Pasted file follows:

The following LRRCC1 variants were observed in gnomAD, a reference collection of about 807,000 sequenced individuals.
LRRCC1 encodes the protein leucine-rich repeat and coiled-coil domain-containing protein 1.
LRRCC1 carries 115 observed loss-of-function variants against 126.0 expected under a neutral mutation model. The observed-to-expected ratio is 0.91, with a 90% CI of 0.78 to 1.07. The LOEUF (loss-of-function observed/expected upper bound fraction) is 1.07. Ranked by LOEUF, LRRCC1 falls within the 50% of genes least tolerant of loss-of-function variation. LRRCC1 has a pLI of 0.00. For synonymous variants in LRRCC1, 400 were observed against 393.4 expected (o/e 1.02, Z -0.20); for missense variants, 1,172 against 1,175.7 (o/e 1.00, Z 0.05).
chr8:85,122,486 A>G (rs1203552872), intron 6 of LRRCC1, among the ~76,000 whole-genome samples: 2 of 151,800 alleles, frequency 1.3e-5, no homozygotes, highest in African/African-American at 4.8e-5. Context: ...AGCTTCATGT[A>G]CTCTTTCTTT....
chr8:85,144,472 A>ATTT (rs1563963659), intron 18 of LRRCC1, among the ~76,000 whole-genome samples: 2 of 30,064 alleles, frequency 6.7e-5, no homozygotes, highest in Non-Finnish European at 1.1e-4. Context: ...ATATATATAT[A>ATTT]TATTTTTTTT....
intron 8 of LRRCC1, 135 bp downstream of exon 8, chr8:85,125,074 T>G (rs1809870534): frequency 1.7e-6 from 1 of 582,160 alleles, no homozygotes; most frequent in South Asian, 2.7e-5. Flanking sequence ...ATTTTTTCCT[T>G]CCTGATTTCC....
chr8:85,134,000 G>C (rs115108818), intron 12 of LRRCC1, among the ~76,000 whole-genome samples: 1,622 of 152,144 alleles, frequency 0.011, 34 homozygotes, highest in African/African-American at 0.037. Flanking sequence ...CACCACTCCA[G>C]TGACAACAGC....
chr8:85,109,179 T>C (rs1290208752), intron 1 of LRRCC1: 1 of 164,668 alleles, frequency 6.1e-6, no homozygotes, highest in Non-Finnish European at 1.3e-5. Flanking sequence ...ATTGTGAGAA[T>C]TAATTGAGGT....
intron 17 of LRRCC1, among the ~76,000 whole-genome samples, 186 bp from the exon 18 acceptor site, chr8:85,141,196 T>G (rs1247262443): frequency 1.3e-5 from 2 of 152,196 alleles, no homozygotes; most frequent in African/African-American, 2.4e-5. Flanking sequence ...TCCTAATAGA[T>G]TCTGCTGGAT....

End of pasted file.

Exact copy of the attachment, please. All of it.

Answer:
The following LRRCC1 variants were observed in gnomAD, a reference collection of about 807,000 sequenced individuals.
LRRCC1 encodes the protein leucine-rich repeat and coiled-coil domain-containing protein 1.
LRRCC1 carries 115 observed loss-of-function variants against 126.0 expected under a neutral mutation model. The observed-to-expected ratio is 0.91, with a 90% CI of 0.78 to 1.07. The LOEUF (loss-of-function observed/expected upper bound fraction) is 1.07. Ranked by LOEUF, LRRCC1 falls within the 50% of genes least tolerant of loss-of-function variation. LRRCC1 has a pLI of 0.00. For synonymous variants in LRRCC1, 400 were observed against 393.4 expected (o/e 1.02, Z -0.20); for missense variants, 1,172 against 1,175.7 (o/e 1.00, Z 0.05).
chr8:85,122,486 A>G (rs1203552872), intron 6 of LRRCC1, among the ~76,000 whole-genome samples: 2 of 151,800 alleles, frequency 1.3e-5, no homozygotes, highest in African/African-American at 4.8e-5. Context: ...AGCTTCATGT[A>G]CTCTTTCTTT....
chr8:85,144,472 A>ATTT (rs1563963659), intron 18 of LRRCC1, among the ~76,000 whole-genome samples: 2 of 30,064 alleles, frequency 6.7e-5, no homozygotes, highest in Non-Finnish European at 1.1e-4. Context: ...ATATATATAT[A>ATTT]TATTTTTTTT....
intron 8 of LRRCC1, 135 bp downstream of exon 8, chr8:85,125,074 T>G (rs1809870534): frequency 1.7e-6 from 1 of 582,160 alleles, no homozygotes; most frequent in South Asian, 2.7e-5. Flanking sequence ...ATTTTTTCCT[T>G]CCTGATTTCC....
chr8:85,134,000 G>C (rs115108818), intron 12 of LRRCC1, among the ~76,000 whole-genome samples: 1,622 of 152,144 alleles, frequency 0.011, 34 homozygotes, highest in African/African-American at 0.037. Flanking sequence ...CACCACTCCA[G>C]TGACAACAGC....
chr8:85,109,179 T>C (rs1290208752), intron 1 of LRRCC1: 1 of 164,668 alleles, frequency 6.1e-6, no homozygotes, highest in Non-Finnish European at 1.3e-5. Flanking sequence ...ATTGTGAGAA[T>C]TAATTGAGGT....
intron 17 of LRRCC1, among the ~76,000 whole-genome samples, 186 bp from the exon 18 acceptor site, chr8:85,141,196 T>G (rs1247262443): frequency 1.3e-5 from 2 of 152,196 alleles, no homozygotes; most frequent in African/African-American, 2.4e-5. Flanking sequence ...TCCTAATAGA[T>G]TCTGCTGGAT....